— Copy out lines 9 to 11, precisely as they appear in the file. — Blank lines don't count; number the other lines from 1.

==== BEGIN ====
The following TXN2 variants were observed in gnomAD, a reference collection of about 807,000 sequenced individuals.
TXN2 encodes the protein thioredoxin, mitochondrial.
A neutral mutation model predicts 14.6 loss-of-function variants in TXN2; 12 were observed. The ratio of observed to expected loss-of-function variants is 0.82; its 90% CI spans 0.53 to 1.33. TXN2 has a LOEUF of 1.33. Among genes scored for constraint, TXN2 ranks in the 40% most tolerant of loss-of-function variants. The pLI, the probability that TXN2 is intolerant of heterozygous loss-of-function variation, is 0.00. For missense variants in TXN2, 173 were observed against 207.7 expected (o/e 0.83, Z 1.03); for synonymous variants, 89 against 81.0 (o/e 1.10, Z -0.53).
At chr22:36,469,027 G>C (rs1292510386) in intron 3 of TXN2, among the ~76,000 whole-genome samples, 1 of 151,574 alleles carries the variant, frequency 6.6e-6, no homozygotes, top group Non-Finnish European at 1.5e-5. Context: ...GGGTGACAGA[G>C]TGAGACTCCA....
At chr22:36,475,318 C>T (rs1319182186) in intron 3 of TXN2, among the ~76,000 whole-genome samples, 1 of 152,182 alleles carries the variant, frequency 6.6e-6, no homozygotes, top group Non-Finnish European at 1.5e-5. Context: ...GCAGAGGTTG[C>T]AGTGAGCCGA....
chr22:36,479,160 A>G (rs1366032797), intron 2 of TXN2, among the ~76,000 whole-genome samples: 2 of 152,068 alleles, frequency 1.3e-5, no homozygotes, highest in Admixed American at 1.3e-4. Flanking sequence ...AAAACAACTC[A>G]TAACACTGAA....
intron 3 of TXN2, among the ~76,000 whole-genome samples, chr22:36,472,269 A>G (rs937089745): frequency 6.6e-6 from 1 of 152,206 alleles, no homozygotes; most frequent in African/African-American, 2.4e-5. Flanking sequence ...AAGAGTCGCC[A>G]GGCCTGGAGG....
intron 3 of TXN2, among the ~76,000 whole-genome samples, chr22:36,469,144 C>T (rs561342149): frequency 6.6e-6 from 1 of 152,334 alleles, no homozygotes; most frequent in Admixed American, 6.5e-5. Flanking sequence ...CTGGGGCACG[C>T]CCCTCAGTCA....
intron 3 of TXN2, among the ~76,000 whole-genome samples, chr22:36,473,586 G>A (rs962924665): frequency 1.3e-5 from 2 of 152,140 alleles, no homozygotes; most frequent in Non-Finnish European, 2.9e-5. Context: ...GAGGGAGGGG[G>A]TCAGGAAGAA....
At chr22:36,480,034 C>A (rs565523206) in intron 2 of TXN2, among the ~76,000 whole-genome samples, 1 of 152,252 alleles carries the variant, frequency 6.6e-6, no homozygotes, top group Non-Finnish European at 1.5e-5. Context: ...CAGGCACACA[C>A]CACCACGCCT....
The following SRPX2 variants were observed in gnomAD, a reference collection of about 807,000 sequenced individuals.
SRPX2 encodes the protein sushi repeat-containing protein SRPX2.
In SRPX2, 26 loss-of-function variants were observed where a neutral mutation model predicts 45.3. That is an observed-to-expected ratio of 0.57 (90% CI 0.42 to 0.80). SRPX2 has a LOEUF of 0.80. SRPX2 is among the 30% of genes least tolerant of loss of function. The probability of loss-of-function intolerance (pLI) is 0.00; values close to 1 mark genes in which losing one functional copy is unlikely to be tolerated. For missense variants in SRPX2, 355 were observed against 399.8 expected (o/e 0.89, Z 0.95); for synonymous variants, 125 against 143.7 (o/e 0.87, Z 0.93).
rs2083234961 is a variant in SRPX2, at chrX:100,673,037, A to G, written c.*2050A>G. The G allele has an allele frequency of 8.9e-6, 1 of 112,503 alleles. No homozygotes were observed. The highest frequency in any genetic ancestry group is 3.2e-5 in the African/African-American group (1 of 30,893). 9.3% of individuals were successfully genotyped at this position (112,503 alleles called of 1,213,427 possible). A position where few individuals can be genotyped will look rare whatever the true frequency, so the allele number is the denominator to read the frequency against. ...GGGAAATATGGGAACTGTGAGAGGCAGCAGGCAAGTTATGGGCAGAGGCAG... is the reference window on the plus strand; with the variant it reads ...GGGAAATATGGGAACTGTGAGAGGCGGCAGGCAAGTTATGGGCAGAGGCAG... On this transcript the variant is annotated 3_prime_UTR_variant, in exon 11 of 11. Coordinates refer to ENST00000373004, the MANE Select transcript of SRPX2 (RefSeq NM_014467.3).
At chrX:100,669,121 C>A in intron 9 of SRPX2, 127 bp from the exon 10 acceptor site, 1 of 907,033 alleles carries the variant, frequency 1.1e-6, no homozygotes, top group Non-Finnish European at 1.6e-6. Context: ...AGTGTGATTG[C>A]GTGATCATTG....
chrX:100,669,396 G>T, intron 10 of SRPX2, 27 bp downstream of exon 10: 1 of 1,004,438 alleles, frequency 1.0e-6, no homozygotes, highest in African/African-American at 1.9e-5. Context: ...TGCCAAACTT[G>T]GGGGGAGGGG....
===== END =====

intron 3 of TXN2, among the ~76,000 whole-genome samples, chr22:36,473,586 G>A (rs962924665): frequency 1.3e-5 from 2 of 152,140 alleles, no homozygotes; most frequent in Non-Finnish European, 2.9e-5. Context: ...GAGGGAGGGG[G>A]TCAGGAAGAA....
At chr22:36,480,034 C>A (rs565523206) in intron 2 of TXN2, among the ~76,000 whole-genome samples, 1 of 152,252 alleles carries the variant, frequency 6.6e-6, no homozygotes, top group Non-Finnish European at 1.5e-5. Context: ...CAGGCACACA[C>A]CACCACGCCT....
The following SRPX2 variants were observed in gnomAD, a reference collection of about 807,000 sequenced individuals.